Almost all car owners have to fit auto insurance into their budget — and it’s a tighter squeeze than most prefer. So when you stumble upon a dirt-cheap car insurance quote, you might feel like pinching yourself. But can getting “an amazing deal” actually be risky?
“TV ads sell consumers a bill of goods,” says Chris Boggs, vice president of education at the Academy of Insurance, an online training center. “They’re convincing [people] it’s all about price.” But that dream deal could bring unwanted financial consequences.
Watch for fraud
For consumers chasing cheap car insurance, one of the worst-case scenarios is running into unscrupulous or fraudulent agents. Some so-called agents are simply skilled swindlers. They use real insurance company names, present realistic documents and even send proof-of-insurance cards. It’s not until you try making a claim that you realize you weren’t holding a real policy.
Be wary of “agents” who are aggressively pursuing you, says Bob Hunter, insurance director for the Consumer Federation of America. If you’re suspicious about whether an agent is legit, Hunter recommends checking your state department of insurance to verify that the person is a licensed agent.
Don’t sacrifice coverage
Cheap car insurance rates may seem great today, but not if they come at the expense of coverage you might need later. It’s important to understand what car insurance covers so that you make the right choice, not just the cheapest choice.
For example, although it can be tempting to accept a bare-bones policy with a low amount of liability coverage — and the resulting bargain-basement price — evaluate what you have to lose in the event you cause a major car accident with damage and injuries to others. If you have significant assets, you’ll be a good target for a lawsuit and you won’t have enough insurance to cover what you owe.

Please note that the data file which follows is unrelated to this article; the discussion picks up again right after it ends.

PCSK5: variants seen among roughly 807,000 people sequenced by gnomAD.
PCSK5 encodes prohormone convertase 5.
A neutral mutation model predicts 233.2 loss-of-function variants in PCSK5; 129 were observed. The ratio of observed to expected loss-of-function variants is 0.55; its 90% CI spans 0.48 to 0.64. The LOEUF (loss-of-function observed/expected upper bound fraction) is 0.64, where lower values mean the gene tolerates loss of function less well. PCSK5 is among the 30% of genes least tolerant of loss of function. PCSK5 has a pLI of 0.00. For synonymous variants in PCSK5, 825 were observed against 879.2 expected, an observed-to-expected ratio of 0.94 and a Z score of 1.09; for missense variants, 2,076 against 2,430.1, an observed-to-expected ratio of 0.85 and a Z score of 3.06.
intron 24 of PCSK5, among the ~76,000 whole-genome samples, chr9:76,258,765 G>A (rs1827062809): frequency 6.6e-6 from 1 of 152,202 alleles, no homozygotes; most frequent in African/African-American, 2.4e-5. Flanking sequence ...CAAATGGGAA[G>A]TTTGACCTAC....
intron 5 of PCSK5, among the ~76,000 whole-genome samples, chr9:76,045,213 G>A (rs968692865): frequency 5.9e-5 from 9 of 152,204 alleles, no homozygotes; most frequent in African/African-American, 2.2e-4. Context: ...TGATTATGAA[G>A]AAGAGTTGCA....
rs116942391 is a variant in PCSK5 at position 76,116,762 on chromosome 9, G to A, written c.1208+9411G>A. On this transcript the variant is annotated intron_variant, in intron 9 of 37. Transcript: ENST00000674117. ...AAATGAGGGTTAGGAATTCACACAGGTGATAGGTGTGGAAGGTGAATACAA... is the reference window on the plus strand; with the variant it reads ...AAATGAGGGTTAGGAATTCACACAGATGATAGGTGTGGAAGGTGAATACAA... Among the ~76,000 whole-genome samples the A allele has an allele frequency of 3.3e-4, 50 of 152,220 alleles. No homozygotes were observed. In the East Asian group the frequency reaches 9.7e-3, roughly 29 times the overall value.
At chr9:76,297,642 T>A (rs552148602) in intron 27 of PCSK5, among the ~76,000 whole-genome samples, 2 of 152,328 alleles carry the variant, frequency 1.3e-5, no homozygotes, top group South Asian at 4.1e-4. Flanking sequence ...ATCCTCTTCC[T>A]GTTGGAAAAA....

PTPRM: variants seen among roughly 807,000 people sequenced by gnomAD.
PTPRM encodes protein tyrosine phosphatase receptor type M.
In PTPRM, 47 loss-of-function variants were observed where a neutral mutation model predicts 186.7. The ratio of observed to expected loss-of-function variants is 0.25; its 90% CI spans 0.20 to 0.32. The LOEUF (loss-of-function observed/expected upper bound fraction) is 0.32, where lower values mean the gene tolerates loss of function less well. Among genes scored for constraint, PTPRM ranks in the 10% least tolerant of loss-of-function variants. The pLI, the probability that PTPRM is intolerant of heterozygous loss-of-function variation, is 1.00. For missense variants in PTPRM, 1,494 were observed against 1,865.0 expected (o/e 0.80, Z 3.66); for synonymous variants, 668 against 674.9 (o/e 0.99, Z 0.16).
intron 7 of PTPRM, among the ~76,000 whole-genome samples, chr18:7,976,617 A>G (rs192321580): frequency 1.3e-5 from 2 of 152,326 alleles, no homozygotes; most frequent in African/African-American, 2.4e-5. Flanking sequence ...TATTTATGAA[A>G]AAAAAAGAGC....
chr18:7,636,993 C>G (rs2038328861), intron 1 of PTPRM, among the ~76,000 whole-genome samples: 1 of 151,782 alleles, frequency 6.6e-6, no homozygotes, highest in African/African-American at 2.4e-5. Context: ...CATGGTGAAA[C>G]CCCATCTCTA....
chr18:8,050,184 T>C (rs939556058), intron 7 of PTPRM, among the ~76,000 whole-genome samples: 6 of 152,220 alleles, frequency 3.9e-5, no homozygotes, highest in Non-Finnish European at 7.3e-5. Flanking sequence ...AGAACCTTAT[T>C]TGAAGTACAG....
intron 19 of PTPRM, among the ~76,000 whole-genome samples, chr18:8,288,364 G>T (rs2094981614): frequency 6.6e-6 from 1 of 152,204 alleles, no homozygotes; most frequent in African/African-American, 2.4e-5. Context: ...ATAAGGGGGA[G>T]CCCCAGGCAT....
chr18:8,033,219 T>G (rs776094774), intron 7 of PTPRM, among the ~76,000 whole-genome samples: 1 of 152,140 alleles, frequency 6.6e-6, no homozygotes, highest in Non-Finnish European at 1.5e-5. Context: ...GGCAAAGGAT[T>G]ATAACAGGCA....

Although buying a policy with high liability limits means paying more now, you could save thousands should you cause an accident.
Remember, quotes could change
In some cases, an amazing quote that hooks you is quite a bit lower than the final price for your policy. For example, you might forget to mention past accidents on your application and get lower quotes than you should. Other times, companies offer initial rates before examining certain risk factors, like your credit (in states that allow credit as a factor in auto insurance quotes).
Hunter also warns of insurers that offer first-term deals but bump up prices upon renewal. Don’t get too comfortable with one insurer, he cautions, and always be ready to implement Plan B: getting new quotes and switching insurers.
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Even if you have found a real bargain, you don’t want to sacrifice customer service. You can read customer opinions on the Better Business Bureau, for example, or check satisfaction ratings from J.D. Power. Maybe you’ll hit the jackpot. “Some of the [best-reviewed] insurers do have low rates, like USAA,” Hunter says. Just don’t go so low you end up sunk.
Alex Glenn is a staff writer at NerdWallet, a personal finance site. Email: firstname.lastname@example.org.
This article was written by NerdWallet and was originally published by USA Today.